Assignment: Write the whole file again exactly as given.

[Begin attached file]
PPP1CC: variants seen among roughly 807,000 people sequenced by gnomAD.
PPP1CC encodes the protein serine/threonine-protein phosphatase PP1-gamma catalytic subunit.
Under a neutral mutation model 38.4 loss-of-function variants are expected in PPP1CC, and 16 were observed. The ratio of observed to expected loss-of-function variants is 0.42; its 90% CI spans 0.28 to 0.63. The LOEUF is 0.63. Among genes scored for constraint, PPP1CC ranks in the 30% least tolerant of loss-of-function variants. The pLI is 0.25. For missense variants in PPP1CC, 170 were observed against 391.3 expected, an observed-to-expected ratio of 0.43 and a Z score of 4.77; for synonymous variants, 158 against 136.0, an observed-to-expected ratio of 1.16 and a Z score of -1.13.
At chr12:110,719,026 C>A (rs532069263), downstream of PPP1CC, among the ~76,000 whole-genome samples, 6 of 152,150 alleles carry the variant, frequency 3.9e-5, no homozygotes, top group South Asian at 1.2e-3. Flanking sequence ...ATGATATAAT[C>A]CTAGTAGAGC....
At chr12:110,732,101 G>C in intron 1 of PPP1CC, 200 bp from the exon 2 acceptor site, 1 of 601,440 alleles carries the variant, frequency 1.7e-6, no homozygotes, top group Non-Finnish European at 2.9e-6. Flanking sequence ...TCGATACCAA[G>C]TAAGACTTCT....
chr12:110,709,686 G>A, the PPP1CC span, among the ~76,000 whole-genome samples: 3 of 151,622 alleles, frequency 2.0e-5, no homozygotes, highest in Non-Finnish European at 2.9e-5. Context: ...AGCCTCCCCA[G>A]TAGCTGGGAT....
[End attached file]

PPP1CC: variants seen among roughly 807,000 people sequenced by gnomAD.
PPP1CC encodes the protein serine/threonine-protein phosphatase PP1-gamma catalytic subunit.
Under a neutral mutation model 38.4 loss-of-function variants are expected in PPP1CC, and 16 were observed. The ratio of observed to expected loss-of-function variants is 0.42; its 90% CI spans 0.28 to 0.63. The LOEUF is 0.63. Among genes scored for constraint, PPP1CC ranks in the 30% least tolerant of loss-of-function variants. The pLI is 0.25. For missense variants in PPP1CC, 170 were observed against 391.3 expected, an observed-to-expected ratio of 0.43 and a Z score of 4.77; for synonymous variants, 158 against 136.0, an observed-to-expected ratio of 1.16 and a Z score of -1.13.
At chr12:110,719,026 C>A (rs532069263), downstream of PPP1CC, among the ~76,000 whole-genome samples, 6 of 152,150 alleles carry the variant, frequency 3.9e-5, no homozygotes, top group South Asian at 1.2e-3. Flanking sequence ...ATGATATAAT[C>A]CTAGTAGAGC....
At chr12:110,732,101 G>C in intron 1 of PPP1CC, 200 bp from the exon 2 acceptor site, 1 of 601,440 alleles carries the variant, frequency 1.7e-6, no homozygotes, top group Non-Finnish European at 2.9e-6. Flanking sequence ...TCGATACCAA[G>C]TAAGACTTCT....
chr12:110,709,686 G>A, the PPP1CC span, among the ~76,000 whole-genome samples: 3 of 151,622 alleles, frequency 2.0e-5, no homozygotes, highest in Non-Finnish European at 2.9e-5. Context: ...AGCCTCCCCA[G>A]TAGCTGGGAT....